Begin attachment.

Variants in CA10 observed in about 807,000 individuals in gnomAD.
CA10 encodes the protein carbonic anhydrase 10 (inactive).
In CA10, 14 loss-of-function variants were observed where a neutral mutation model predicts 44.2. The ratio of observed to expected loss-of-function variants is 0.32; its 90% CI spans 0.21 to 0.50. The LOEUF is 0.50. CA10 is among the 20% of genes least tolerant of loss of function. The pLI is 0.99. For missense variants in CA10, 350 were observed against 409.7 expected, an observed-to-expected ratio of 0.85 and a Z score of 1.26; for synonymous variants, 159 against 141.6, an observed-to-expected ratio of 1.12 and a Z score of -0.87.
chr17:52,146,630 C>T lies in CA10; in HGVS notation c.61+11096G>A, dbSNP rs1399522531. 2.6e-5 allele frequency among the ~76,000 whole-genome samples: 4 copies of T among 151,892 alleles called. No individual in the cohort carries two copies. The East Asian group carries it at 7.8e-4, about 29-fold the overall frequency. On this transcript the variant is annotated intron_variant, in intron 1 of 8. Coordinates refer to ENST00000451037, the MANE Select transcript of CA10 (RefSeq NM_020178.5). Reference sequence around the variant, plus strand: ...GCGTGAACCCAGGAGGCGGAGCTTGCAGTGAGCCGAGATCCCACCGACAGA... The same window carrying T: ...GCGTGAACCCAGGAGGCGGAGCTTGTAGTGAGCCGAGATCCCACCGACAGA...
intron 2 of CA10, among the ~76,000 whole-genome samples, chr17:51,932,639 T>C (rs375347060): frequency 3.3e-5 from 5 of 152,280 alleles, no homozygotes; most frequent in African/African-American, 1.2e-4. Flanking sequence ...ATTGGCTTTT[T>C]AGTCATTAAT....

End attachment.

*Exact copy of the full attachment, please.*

Variants in CA10 observed in about 807,000 individuals in gnomAD.
CA10 encodes the protein carbonic anhydrase 10 (inactive).
In CA10, 14 loss-of-function variants were observed where a neutral mutation model predicts 44.2. The ratio of observed to expected loss-of-function variants is 0.32; its 90% CI spans 0.21 to 0.50. The LOEUF is 0.50. CA10 is among the 20% of genes least tolerant of loss of function. The pLI is 0.99. For missense variants in CA10, 350 were observed against 409.7 expected, an observed-to-expected ratio of 0.85 and a Z score of 1.26; for synonymous variants, 159 against 141.6, an observed-to-expected ratio of 1.12 and a Z score of -0.87.
chr17:52,146,630 C>T lies in CA10; in HGVS notation c.61+11096G>A, dbSNP rs1399522531. 2.6e-5 allele frequency among the ~76,000 whole-genome samples: 4 copies of T among 151,892 alleles called. No individual in the cohort carries two copies. The East Asian group carries it at 7.8e-4, about 29-fold the overall frequency. On this transcript the variant is annotated intron_variant, in intron 1 of 8. Coordinates refer to ENST00000451037, the MANE Select transcript of CA10 (RefSeq NM_020178.5). Reference sequence around the variant, plus strand: ...GCGTGAACCCAGGAGGCGGAGCTTGCAGTGAGCCGAGATCCCACCGACAGA... The same window carrying T: ...GCGTGAACCCAGGAGGCGGAGCTTGTAGTGAGCCGAGATCCCACCGACAGA...
intron 2 of CA10, among the ~76,000 whole-genome samples, chr17:51,932,639 T>C (rs375347060): frequency 3.3e-5 from 5 of 152,280 alleles, no homozygotes; most frequent in African/African-American, 1.2e-4. Flanking sequence ...ATTGGCTTTT[T>C]AGTCATTAAT....